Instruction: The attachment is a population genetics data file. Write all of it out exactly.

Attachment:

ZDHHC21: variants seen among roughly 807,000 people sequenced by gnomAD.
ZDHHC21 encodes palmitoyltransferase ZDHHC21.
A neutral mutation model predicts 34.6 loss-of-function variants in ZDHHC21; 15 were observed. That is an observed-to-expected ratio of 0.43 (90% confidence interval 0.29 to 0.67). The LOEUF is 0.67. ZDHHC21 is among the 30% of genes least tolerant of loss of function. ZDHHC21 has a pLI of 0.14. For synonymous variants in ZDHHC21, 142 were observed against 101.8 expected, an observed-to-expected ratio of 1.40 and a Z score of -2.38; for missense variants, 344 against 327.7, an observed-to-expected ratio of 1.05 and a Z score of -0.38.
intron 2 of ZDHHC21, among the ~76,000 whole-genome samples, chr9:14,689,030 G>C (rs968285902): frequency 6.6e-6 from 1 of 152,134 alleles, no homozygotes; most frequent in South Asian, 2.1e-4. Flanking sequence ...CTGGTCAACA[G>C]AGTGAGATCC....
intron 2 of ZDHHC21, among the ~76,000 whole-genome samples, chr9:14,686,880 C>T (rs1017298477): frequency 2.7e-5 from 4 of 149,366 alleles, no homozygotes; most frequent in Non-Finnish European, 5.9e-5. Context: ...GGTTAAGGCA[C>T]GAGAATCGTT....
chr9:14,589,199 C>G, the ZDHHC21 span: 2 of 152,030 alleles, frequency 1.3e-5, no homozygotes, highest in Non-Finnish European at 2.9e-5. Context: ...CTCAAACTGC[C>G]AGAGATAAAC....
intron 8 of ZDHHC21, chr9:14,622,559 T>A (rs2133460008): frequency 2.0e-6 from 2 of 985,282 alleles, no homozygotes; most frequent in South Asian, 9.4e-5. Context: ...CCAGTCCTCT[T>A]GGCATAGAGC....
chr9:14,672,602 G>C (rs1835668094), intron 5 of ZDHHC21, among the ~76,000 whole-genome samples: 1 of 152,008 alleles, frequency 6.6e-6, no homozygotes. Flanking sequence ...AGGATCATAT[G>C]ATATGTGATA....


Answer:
ZDHHC21: variants seen among roughly 807,000 people sequenced by gnomAD.
ZDHHC21 encodes palmitoyltransferase ZDHHC21.
A neutral mutation model predicts 34.6 loss-of-function variants in ZDHHC21; 15 were observed. That is an observed-to-expected ratio of 0.43 (90% confidence interval 0.29 to 0.67). The LOEUF is 0.67. ZDHHC21 is among the 30% of genes least tolerant of loss of function. ZDHHC21 has a pLI of 0.14. For synonymous variants in ZDHHC21, 142 were observed against 101.8 expected, an observed-to-expected ratio of 1.40 and a Z score of -2.38; for missense variants, 344 against 327.7, an observed-to-expected ratio of 1.05 and a Z score of -0.38.
intron 2 of ZDHHC21, among the ~76,000 whole-genome samples, chr9:14,689,030 G>C (rs968285902): frequency 6.6e-6 from 1 of 152,134 alleles, no homozygotes; most frequent in South Asian, 2.1e-4. Flanking sequence ...CTGGTCAACA[G>C]AGTGAGATCC....
intron 2 of ZDHHC21, among the ~76,000 whole-genome samples, chr9:14,686,880 C>T (rs1017298477): frequency 2.7e-5 from 4 of 149,366 alleles, no homozygotes; most frequent in Non-Finnish European, 5.9e-5. Context: ...GGTTAAGGCA[C>T]GAGAATCGTT....
chr9:14,589,199 C>G, the ZDHHC21 span: 2 of 152,030 alleles, frequency 1.3e-5, no homozygotes, highest in Non-Finnish European at 2.9e-5. Context: ...CTCAAACTGC[C>G]AGAGATAAAC....
intron 8 of ZDHHC21, chr9:14,622,559 T>A (rs2133460008): frequency 2.0e-6 from 2 of 985,282 alleles, no homozygotes; most frequent in South Asian, 9.4e-5. Context: ...CCAGTCCTCT[T>A]GGCATAGAGC....
chr9:14,672,602 G>C (rs1835668094), intron 5 of ZDHHC21, among the ~76,000 whole-genome samples: 1 of 152,008 alleles, frequency 6.6e-6, no homozygotes. Flanking sequence ...AGGATCATAT[G>C]ATATGTGATA....